WESTCHESTER, Ill. – Increases in total sleep time related to the treatment of obstructive sleep apnea (OSA) with continuous positive airway pressure (CPAP) are associated with improvements in cognition in patients with Alzheimer disease, according to a research abstract that will be presented on Tuesday at SLEEP 2008, the 22nd Annual Meeting of the Associated Professional Sleep Societies (APSS).
The study, authored by Jana R. Cooke, MD, Sonia Ancoli-Israel, PhD and colleagues from the University of California San Diego, focused on 52 participants with an average age of 77.8 years who had Alzheimer disease and OSA. The participants were randomized to six weeks of therapeutic CPAP or three weeks placebo CPAP followed by three weeks therapeutic CPAP. The participants underwent cognitive testing at baseline, three weeks and six weeks. Sleep was analyzed and scored for sleep stage, total sleep time, amount of time awake during the night, and the amount of oxygen in the blood.
According to the results, when Alzheimer’s disease patients with OSA were treated with CPAP, an increase in the total amount of sleep at night, not improvement in oxygen levels, was associated with improvements in cognition.
“This finding implies that the cognitive dysfunction associated with OSA in patients with dementia may be in part an effect of short sleep time rather than a function of low levels of oxygen during sleep,” said Dr. Cooke.
OSA is a sleep-related breathing disorder that causes your body to stop breathing during sleep. OSA occurs when the tissue in the back of the throat collapses and blocks the airway. This keeps air from getting into the lungs. OSA is more common among older adults and among people who are significantly overweight. OSA can increase a person's risk for high blood pressure, strokes, heart disease, and cognitive problems.
Not sleeping well can lead to a number of problems. Older adults who have poor nighttime sleep are more likely to have a depressed mood, attention and memory problems, excessive daytime sleepiness, more nighttime falls and use more over-the-counter or prescription sleep aids. In addition, recent studies associate lack of sleep with serious health problems such as an increased risk of obesity, cardiovascular disease and diabetes.
While most people require seven to eight hours of sleep a night to perform optimally the next day, older adults might find this harder to obtain. Older adults must be more aware of their sleep and maintain good sleep hygiene by following these tips:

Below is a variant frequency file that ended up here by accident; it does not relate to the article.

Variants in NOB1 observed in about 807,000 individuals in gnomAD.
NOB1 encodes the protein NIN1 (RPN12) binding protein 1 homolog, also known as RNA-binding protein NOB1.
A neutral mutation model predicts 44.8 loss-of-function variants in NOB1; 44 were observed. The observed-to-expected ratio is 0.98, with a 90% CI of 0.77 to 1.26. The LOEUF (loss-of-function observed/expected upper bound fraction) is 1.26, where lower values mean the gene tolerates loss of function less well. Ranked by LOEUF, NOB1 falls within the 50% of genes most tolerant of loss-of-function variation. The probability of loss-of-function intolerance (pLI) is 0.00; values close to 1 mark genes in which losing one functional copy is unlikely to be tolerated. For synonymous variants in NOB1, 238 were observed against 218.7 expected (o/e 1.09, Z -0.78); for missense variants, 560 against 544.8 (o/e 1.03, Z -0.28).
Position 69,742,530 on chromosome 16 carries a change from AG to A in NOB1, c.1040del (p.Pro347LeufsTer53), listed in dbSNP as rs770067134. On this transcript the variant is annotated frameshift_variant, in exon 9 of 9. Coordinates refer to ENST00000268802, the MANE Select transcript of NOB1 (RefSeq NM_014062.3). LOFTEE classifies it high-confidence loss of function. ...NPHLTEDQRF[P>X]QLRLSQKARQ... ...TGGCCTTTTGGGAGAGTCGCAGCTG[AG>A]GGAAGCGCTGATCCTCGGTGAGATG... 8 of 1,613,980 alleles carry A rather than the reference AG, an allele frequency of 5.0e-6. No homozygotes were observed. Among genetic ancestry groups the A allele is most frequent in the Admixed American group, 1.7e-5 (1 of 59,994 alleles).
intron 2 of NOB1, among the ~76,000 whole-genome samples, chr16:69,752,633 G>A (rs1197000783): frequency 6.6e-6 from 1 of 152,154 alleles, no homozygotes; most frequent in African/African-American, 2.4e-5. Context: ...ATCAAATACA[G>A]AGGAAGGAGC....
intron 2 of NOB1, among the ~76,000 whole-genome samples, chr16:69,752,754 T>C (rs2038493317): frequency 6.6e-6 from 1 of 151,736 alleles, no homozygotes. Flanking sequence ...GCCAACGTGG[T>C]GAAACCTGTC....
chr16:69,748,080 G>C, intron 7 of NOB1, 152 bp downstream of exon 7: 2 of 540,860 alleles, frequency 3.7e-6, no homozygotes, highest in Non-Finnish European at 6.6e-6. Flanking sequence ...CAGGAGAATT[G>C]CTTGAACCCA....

- Establishing a routine sleep schedule.
- Avoiding utilizing bed for activities other than sleep or intimacy.
- Avoiding substances that disturb your sleep, like alcohol or caffeine.
- Not napping during the day. If you must snooze, limit the time to less than one hour and no later than 3 p.m.
- Stick to rituals that help you relax each night before bed. This can include such things as a warm bath, a light snack or a few minutes of reading.
- Don’t take your worries to bed. Bedtime is a time to relax, not to hash out the stresses of the day.
- If you can’t fall asleep, leave your bedroom and engage in a quiet activity. Return to bed only when you are tired.
- Keep your bedroom dark, quiet and a little cool.
First introduced as a treatment option for sleep apnea in 1981, CPAP is the most common and effective treatment for OSA. CPAP provides a steady stream of pressurized air to patients through a mask that they wear during sleep. This airflow keeps the airway open, preventing the pauses in breathing that characterize sleep apnea and restoring normal oxygen levels.
CPAP Central (www.SleepEducation.com/CPAPCentral), a Web site created by the AASM, provides the public with comprehensive, accurate and reliable information about CPAP. CPAP Central includes expanded information about OSA and CPAP, including how OSA is diagnosed, the function of CPAP, the benefits of CPAP and an overview of what to expect when beginning CPAP, the position of experts on CPAP, and tools for success. CPAP Central also features an interactive slide set that educates the public about the warning signs of OSA.
Although sleep patterns change as people age, disturbed sleep and waking up tired every day are not part of normal aging. Those who have trouble sleeping are advised to see a sleep specialist at a facility accredited by the AASM.
The annual SLEEP meeting brings together an international body of 5,000 leading researchers and clinicians in the field of sleep medicine to present and discuss new findings and medical developments related to sleep and sleep disorders.
More than 1,000 research abstracts will be presented at the SLEEP meeting, a joint venture of the AASM and the Sleep Research Society. The three-and-a-half-day scientific meeting will bring to light new findings that enhance the understanding of the processes of sleep and aid the diagnosis and treatment of sleep disorders such as insomnia, narcolepsy and sleep apnea.
SleepEducation.com, a patient education Web site created by the AASM, provides information about various sleep disorders, the forms of treatment available, recent news on the topic of sleep, sleep studies that have been conducted and a listing of sleep facilities.